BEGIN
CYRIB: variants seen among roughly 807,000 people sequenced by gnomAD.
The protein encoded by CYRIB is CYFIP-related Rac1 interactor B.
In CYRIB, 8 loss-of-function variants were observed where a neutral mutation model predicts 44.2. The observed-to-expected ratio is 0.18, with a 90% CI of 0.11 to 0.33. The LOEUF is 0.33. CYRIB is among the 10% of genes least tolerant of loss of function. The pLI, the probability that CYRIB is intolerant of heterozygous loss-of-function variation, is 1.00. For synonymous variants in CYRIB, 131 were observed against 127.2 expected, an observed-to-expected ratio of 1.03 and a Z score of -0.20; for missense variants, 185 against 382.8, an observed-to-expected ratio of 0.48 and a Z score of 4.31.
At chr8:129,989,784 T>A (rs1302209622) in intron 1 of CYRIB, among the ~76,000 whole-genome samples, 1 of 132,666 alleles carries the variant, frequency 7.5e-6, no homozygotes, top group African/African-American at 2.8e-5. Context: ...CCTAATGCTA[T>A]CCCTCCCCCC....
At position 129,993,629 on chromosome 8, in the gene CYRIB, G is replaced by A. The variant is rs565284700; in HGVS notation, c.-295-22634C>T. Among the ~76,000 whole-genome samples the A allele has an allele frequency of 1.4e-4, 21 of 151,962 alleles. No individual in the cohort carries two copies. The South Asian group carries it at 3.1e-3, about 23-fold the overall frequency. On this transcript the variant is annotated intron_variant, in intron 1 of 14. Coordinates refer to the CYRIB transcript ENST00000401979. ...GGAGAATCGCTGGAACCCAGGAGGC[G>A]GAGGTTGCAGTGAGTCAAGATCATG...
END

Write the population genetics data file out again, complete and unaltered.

CYRIB: variants seen among roughly 807,000 people sequenced by gnomAD.
The protein encoded by CYRIB is CYFIP-related Rac1 interactor B.
In CYRIB, 8 loss-of-function variants were observed where a neutral mutation model predicts 44.2. The observed-to-expected ratio is 0.18, with a 90% CI of 0.11 to 0.33. The LOEUF is 0.33. CYRIB is among the 10% of genes least tolerant of loss of function. The pLI, the probability that CYRIB is intolerant of heterozygous loss-of-function variation, is 1.00. For synonymous variants in CYRIB, 131 were observed against 127.2 expected, an observed-to-expected ratio of 1.03 and a Z score of -0.20; for missense variants, 185 against 382.8, an observed-to-expected ratio of 0.48 and a Z score of 4.31.
At chr8:129,989,784 T>A (rs1302209622) in intron 1 of CYRIB, among the ~76,000 whole-genome samples, 1 of 132,666 alleles carries the variant, frequency 7.5e-6, no homozygotes, top group African/African-American at 2.8e-5. Context: ...CCTAATGCTA[T>A]CCCTCCCCCC....
At position 129,993,629 on chromosome 8, in the gene CYRIB, G is replaced by A. The variant is rs565284700; in HGVS notation, c.-295-22634C>T. Among the ~76,000 whole-genome samples the A allele has an allele frequency of 1.4e-4, 21 of 151,962 alleles. No individual in the cohort carries two copies. The South Asian group carries it at 3.1e-3, about 23-fold the overall frequency. On this transcript the variant is annotated intron_variant, in intron 1 of 14. Coordinates refer to the CYRIB transcript ENST00000401979. ...GGAGAATCGCTGGAACCCAGGAGGC[G>A]GAGGTTGCAGTGAGTCAAGATCATG...